((( @LEVIS ))) doesn’t want customers bringing guns into their stores. Another reason to avoid these Jew jeans at all costs.
And, here is the official VF position on diversity:
“At VF, the diversity of our workforce makes a world of difference. Our respect for each other’s unique experiences, perspectives and skill sets is woven throughout the fabric of our culture and guides our actions.
“We encourage our 60,000-plus associates to bring their authentic selves to work every day, and our results show it; when we each feel valued for who we are and what we offer, we give our very best.”
The Wrangler website provides a handy disclosure of its relationship with VF:
“As part of VF Corporation, Wrangler believes that integrity never goes out of style. In fact, we see it as a direct result of the values we embrace – as a company and as people. Values like honesty, consideration and respect. For us, these are more than words. They are embedded in our work and form an integral part of our daily operations.”
Wrangler also provides a diversity boilerplate when advertising job openings online:
“… All qualified applicants will receive consideration for employment without regard to race, color, religion, sex (including pregnancy), sexual orientation, gender, gender identity and/or expression, age, national origin, uniform services, protected veteran status, disability, medical condition, genetic information, citizenship status (when otherwise legally authorized to work), pregnancy, marital status, or ancestry … “
So … now what?
Levi’s boycotters who are looking for an alternative may identify with Wrangler. But the other labels that make up VF Corp may give these boycotters pause, including well-known brands that have crossed over from outdoor culture to urban lifestyle such as the North Face, Timberland and Vans.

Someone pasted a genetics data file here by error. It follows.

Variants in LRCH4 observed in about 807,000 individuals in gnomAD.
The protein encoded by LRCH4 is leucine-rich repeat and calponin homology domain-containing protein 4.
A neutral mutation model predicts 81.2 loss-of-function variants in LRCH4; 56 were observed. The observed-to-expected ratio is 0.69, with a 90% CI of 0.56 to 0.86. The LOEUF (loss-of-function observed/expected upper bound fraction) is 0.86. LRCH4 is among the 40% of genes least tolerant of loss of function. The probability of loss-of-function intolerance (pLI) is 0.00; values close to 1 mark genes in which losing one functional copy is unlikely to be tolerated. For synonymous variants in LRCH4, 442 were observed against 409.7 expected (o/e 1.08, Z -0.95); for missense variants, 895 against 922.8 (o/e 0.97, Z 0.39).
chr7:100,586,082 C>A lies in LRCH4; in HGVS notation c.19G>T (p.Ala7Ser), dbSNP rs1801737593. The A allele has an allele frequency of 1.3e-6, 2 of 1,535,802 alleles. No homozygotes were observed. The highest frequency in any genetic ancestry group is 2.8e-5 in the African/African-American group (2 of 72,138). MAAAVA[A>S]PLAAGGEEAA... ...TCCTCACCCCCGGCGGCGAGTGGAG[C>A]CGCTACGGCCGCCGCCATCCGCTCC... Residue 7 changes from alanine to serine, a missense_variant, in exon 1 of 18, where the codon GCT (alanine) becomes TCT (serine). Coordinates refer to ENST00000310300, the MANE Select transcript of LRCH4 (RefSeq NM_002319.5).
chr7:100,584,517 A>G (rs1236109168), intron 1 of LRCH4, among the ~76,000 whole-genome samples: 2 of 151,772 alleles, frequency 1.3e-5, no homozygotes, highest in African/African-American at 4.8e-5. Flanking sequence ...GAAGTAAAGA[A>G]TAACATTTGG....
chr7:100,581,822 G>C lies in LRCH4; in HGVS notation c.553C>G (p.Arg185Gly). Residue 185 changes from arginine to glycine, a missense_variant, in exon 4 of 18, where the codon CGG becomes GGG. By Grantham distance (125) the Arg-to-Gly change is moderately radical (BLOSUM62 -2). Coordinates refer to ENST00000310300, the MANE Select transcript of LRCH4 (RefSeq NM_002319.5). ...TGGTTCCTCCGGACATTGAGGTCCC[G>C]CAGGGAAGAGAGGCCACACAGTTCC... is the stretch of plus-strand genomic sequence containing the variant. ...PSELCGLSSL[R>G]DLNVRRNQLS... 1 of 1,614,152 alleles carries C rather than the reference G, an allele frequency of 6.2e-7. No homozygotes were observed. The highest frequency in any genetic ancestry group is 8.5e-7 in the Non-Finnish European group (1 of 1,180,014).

Some boycotters may also be surprised to learn about VF’s positions on climate change. The apparel holding company has a solid track record on sustainability, and it joined other major U.S. companies in the Ceres-sponsored BICEP climate change declaration back in 2013.
Among other recent activities, VF also participated in the 2015 Sustainable Brands conference, and this is where things get interesting.
At the conference, VF sent out a strong signal that its brands would pull their sustainability strategies together into a “unified parent-corporation center of goal-setting, excellence and governance.”
Levi-Strauss has already set a high bar for corporate social responsibility (CSR) in the global apparel marketplace, especially in terms of environmental issues. And now it looks like VF is gearing up to cement a far-reaching CSR profile of its own.
If VF’s unified sustainability initiative ripples out to include other features of a strong CSR program, look for VF and its brands to build a more assertive public profile on social issues.
We’re not saying that VF has any intention of engaging consumers on the issue of gun violence any time soon, but don’t be surprised if it does.
For the record, Chip Bergh served in the U.S. Army at the rank of Captain. Before joining Levi-Strauss in 2011, he spent 28 years in leadership roles at another iconic U.S. company with a growing CSR profile, Procter & Gamble.